6th February 2015

Breaking News…

“An Australian died today in Sierra Leone.  The first Australian casualty of the Ebola crisis.  The nation is in shock and mourning alongside the family.  Sarah Newton, a doctor, was with the first batch of volunteers sent after the Australian Government finally relented to international pressure.  Despite Australia having the agreement with the UK government to evacuate any Australians, Sarah was too sick to be airlifted.  Instead she was treated in one of the purpose built clinics for volunteers.

Interviews with fellow medical staff said that Sarah had been confident that despite continued staff shortages and battling fatigue she had taken every safety precaution.  When she showed the first signs of a fever she assumed it was the result of something else, possibly malaria. Consequently she had not reported to sick until she had started vomiting.  While they gave her the best possible care and worked around the clock to save her, she passed away in the early hours of the morning.

Back in Australia, Sarah’s family refused to talk on camera, preferring mourn their daughter in private.  They describe Sarah as a hero, who has always put other people’s care before her own.  They are distraught at her loss and now due to restrictions regarding Ebola related deaths they will not be able to bring her body home for a family burial.  Sarah’s body will be cremated in a service with her colleagues in Sierra Leone.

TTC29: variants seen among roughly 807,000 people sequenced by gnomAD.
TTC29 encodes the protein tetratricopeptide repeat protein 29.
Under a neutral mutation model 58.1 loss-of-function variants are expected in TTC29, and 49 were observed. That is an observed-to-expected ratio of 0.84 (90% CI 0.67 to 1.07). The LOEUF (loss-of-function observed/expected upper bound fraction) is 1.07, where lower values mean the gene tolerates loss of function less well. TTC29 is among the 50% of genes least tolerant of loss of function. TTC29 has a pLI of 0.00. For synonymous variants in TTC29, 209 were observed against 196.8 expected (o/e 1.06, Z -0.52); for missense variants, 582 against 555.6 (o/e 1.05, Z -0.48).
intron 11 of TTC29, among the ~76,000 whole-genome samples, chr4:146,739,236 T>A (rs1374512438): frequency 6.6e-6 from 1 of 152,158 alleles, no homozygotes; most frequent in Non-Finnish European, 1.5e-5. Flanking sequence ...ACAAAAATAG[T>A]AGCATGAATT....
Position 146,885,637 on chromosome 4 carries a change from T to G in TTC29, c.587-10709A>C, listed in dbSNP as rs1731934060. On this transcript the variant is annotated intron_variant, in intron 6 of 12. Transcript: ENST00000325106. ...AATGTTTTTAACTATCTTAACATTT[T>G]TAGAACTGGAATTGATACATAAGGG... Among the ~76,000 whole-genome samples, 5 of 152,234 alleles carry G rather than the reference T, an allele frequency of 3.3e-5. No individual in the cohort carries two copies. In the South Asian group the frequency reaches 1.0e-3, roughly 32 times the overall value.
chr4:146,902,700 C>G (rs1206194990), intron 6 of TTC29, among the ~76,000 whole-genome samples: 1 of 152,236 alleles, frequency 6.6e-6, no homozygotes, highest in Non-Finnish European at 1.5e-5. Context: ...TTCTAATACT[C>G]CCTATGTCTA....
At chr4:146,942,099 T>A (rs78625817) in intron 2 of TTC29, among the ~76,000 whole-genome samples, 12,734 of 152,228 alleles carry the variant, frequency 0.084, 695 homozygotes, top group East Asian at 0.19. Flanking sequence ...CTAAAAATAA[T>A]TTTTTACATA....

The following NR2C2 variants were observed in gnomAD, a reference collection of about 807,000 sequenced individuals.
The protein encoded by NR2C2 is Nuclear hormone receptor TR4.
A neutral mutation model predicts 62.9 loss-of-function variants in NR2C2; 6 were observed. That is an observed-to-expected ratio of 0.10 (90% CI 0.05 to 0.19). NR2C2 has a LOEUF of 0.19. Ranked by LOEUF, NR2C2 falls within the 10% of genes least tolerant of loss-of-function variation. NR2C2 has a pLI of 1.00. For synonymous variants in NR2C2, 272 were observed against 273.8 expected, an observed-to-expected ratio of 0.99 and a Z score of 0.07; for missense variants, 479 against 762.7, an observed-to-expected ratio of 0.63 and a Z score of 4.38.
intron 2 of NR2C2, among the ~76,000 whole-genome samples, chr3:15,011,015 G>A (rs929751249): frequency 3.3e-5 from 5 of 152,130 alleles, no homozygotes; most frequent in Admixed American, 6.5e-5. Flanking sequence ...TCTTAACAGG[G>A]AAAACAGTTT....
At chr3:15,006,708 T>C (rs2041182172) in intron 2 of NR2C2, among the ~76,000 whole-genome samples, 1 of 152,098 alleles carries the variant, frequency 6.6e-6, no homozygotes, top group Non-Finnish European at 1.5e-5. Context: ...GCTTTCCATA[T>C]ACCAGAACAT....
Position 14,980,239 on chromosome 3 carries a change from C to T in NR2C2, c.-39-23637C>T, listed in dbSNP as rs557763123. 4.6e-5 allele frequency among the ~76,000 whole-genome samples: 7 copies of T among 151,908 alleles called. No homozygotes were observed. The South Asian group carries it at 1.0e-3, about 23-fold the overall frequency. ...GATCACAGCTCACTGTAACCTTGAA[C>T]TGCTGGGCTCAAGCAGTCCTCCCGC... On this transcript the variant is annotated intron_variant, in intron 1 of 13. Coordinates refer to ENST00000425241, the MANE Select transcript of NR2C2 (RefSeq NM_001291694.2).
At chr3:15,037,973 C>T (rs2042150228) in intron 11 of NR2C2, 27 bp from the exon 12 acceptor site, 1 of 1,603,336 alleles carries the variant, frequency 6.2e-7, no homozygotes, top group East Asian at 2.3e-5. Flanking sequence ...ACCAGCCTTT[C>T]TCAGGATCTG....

A memorial will be held next Saturday at St Thomas’s, Church in Nth Sydney.”

As I watched the news cast I felt relief, guilt and empathy for Sarah’s family.  Grateful it wasn’t my friend.  As much as I tried, I could not contain my tears.

I was late for work this morning.

5th February 2015

I was over at Mum and Dad’s for dinner this evening.  There is nothing like home cooked food.  Fresh asparagus, meat cooked on the BBQ, and fresh fruit for dessert.  Yum!  While Dad got the BBQ ready I popped up to the chemist to get Dad’s script refilled.

I really do like Mum and Dad’s pharmacist, he knows his stuff and is a lovely man to boot.  He and his family have been here for years, he came over from Senegal to go to university.  I couldn’t stop for much of a chat, just enough to enquire about his daughter.  She had gone back to Senegal on her gap year to visit her grandmother.  Met a boy and fell in love.  She was now heavily pregnant and ‘stuck’ there until she had the baby.

She was good, though he was nervous about her and would much rather that she was here in Sydney with the rest of her family.